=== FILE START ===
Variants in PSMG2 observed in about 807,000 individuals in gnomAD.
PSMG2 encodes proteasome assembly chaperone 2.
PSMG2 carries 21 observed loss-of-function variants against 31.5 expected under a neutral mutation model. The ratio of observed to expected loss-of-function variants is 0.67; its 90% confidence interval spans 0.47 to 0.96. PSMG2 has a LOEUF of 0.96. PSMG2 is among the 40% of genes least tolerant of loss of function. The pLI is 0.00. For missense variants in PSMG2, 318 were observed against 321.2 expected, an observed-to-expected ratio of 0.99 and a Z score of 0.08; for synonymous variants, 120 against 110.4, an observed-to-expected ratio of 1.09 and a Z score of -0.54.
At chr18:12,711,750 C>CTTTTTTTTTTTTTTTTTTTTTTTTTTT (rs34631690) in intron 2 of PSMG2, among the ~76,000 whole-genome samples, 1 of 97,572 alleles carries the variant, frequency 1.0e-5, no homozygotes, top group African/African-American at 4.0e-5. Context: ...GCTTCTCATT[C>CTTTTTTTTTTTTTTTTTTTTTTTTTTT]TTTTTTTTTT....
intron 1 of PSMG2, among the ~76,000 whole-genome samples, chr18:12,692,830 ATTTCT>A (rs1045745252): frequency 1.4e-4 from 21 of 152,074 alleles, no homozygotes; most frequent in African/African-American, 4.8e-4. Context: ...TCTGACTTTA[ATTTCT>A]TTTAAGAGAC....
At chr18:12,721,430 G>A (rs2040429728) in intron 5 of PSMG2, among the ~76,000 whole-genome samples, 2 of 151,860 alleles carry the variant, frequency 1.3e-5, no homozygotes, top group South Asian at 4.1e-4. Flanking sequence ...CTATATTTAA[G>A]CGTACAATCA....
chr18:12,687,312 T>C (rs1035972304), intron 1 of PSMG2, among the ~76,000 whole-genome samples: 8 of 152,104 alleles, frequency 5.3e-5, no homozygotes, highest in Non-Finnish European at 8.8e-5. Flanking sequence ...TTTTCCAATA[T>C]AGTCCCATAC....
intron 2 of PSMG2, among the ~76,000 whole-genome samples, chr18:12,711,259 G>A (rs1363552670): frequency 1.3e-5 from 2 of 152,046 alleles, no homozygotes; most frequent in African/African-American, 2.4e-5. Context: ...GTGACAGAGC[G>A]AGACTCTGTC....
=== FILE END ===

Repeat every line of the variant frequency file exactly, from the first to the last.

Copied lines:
Variants in PSMG2 observed in about 807,000 individuals in gnomAD.
PSMG2 encodes proteasome assembly chaperone 2.
PSMG2 carries 21 observed loss-of-function variants against 31.5 expected under a neutral mutation model. The ratio of observed to expected loss-of-function variants is 0.67; its 90% confidence interval spans 0.47 to 0.96. PSMG2 has a LOEUF of 0.96. PSMG2 is among the 40% of genes least tolerant of loss of function. The pLI is 0.00. For missense variants in PSMG2, 318 were observed against 321.2 expected, an observed-to-expected ratio of 0.99 and a Z score of 0.08; for synonymous variants, 120 against 110.4, an observed-to-expected ratio of 1.09 and a Z score of -0.54.
At chr18:12,711,750 C>CTTTTTTTTTTTTTTTTTTTTTTTTTTT (rs34631690) in intron 2 of PSMG2, among the ~76,000 whole-genome samples, 1 of 97,572 alleles carries the variant, frequency 1.0e-5, no homozygotes, top group African/African-American at 4.0e-5. Context: ...GCTTCTCATT[C>CTTTTTTTTTTTTTTTTTTTTTTTTTTT]TTTTTTTTTT....
intron 1 of PSMG2, among the ~76,000 whole-genome samples, chr18:12,692,830 ATTTCT>A (rs1045745252): frequency 1.4e-4 from 21 of 152,074 alleles, no homozygotes; most frequent in African/African-American, 4.8e-4. Context: ...TCTGACTTTA[ATTTCT>A]TTTAAGAGAC....
At chr18:12,721,430 G>A (rs2040429728) in intron 5 of PSMG2, among the ~76,000 whole-genome samples, 2 of 151,860 alleles carry the variant, frequency 1.3e-5, no homozygotes, top group South Asian at 4.1e-4. Flanking sequence ...CTATATTTAA[G>A]CGTACAATCA....
chr18:12,687,312 T>C (rs1035972304), intron 1 of PSMG2, among the ~76,000 whole-genome samples: 8 of 152,104 alleles, frequency 5.3e-5, no homozygotes, highest in Non-Finnish European at 8.8e-5. Flanking sequence ...TTTTCCAATA[T>C]AGTCCCATAC....
intron 2 of PSMG2, among the ~76,000 whole-genome samples, chr18:12,711,259 G>A (rs1363552670): frequency 1.3e-5 from 2 of 152,046 alleles, no homozygotes; most frequent in African/African-American, 2.4e-5. Context: ...GTGACAGAGC[G>A]AGACTCTGTC....